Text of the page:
• Free-market Economics. This is one of the pieces that seems to have gotten the folks over at The Corner all in a tizzy, but I happen to think is dead on. The biggest argument they seem to have is with the use of the word "utopian" but I don't really see the problem. Looking at the 3rd definition in the Merriam Webster Online Dictionary shows a utopia as "an impractical scheme for social improvement". Like it or not, the free-market is often invoked as an end all scheme for social improvement. "Just let the free-market work and everything will be better" seems to be the mantra that is often used. Unfortunately, this sometimes seems to result in a base pragmatism that doesn't take into account basic human longing for some seemingly impractical things - like beauty and a protected environment. Sometimes, just because there is a market for something, doesn't mean it should be pursued.
The Bad and the Ugly
You get both in one fell swoop here because, for now at least, there is only one glaring problem in the article.
  • Abortion. This is probably not too much of a surprise. It seems to me that Hart swings well into the pragmatic here and wants to say that we abortion should not be such a big deal simply because it isn't going to change. Just because a thing isn't going to change, doesn't mean it shouldn't be fought for. It seems to me that you could just as easily point to his wonderful call for a "recovery of the great structure of metaphysics" as tilting at windmills as well, but that doesn't make any less an admirable goal and desire. If it is true (and I believe it is) that abortion is an atrocity, then to dismiss the desire to end it as being impractical is simply wrong. Whether or not it is achievable is beside the point.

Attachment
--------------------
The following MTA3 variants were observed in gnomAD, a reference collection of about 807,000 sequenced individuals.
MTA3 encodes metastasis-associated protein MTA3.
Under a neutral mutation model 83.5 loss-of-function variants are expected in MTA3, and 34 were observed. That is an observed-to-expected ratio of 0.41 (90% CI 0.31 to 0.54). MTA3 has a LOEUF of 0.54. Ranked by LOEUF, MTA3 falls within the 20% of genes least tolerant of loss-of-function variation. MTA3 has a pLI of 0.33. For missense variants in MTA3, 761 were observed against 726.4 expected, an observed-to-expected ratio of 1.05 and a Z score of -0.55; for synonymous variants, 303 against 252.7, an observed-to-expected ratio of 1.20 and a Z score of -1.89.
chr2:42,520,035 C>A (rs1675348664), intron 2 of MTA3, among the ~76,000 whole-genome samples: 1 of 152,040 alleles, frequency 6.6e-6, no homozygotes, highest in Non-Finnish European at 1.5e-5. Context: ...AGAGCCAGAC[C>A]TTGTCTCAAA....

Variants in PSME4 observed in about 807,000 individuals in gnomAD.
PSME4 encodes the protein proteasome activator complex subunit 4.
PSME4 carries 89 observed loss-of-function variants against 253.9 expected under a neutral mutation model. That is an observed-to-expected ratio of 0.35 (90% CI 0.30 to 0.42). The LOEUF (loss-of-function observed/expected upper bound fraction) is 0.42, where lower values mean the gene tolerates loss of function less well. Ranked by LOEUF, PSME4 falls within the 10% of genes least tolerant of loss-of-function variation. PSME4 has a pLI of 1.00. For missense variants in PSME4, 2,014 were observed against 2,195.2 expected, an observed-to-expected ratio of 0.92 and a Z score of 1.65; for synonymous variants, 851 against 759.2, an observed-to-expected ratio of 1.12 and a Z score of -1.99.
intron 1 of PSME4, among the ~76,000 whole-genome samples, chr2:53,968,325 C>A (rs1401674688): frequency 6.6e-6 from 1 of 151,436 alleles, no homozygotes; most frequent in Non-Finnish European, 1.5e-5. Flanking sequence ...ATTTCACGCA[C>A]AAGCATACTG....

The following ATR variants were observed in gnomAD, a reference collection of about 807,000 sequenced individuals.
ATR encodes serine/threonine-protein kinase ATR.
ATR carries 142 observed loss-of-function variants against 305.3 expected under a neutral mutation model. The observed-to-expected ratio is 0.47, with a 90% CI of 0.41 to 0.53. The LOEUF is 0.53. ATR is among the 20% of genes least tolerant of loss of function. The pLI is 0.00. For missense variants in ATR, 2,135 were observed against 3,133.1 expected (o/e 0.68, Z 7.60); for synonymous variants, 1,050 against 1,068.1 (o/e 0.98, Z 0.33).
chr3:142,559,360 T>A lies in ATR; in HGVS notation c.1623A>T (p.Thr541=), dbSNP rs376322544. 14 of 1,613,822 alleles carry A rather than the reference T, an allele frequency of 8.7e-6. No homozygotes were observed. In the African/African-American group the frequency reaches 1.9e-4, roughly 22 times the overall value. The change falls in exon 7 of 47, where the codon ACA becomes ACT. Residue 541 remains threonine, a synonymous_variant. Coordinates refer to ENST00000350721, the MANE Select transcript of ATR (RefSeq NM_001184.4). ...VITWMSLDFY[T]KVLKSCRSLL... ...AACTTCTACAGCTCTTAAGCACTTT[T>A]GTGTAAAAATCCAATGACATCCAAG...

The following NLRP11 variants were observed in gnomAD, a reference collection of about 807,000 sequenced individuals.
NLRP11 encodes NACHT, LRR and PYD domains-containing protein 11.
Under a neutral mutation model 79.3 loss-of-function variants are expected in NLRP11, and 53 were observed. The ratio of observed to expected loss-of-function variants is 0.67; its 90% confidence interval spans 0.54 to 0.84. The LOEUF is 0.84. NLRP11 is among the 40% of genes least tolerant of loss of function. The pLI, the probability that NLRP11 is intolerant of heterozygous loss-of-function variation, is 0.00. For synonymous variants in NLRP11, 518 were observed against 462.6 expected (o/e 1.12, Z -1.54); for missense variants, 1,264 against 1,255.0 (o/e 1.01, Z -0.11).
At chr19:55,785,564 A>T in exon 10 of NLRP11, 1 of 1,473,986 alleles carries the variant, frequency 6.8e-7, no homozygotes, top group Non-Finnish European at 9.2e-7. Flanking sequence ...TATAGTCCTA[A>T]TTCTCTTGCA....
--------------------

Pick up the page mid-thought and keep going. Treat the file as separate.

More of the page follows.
What's missing? I suppose to some degree it is attached to free-market economics, but I would like to see some discussion from conservatives at the level of Professor Hart discuss economies of scale and localism as opposed to the multi-national conglomerates that control the current economic climate.

Edit: Peter Robinson has posted an email response from Jeff Hart regarding the abortion part of his article. I don't think it holds up very well and still have the same question: If the abortion question should be dropped because it is impractical, or as he states, the result of social and political change, then why is it not just as impractical to wish for a return to the Resurrection as the fulcrum of a great metaphysic?
Finally, I think that this is about it. The debate has reached critical mass and, well, I've got work to do, too. Like I mentioned earlier, I may get a chance to consolidate and better synthesize the debate for posterity. We'll see.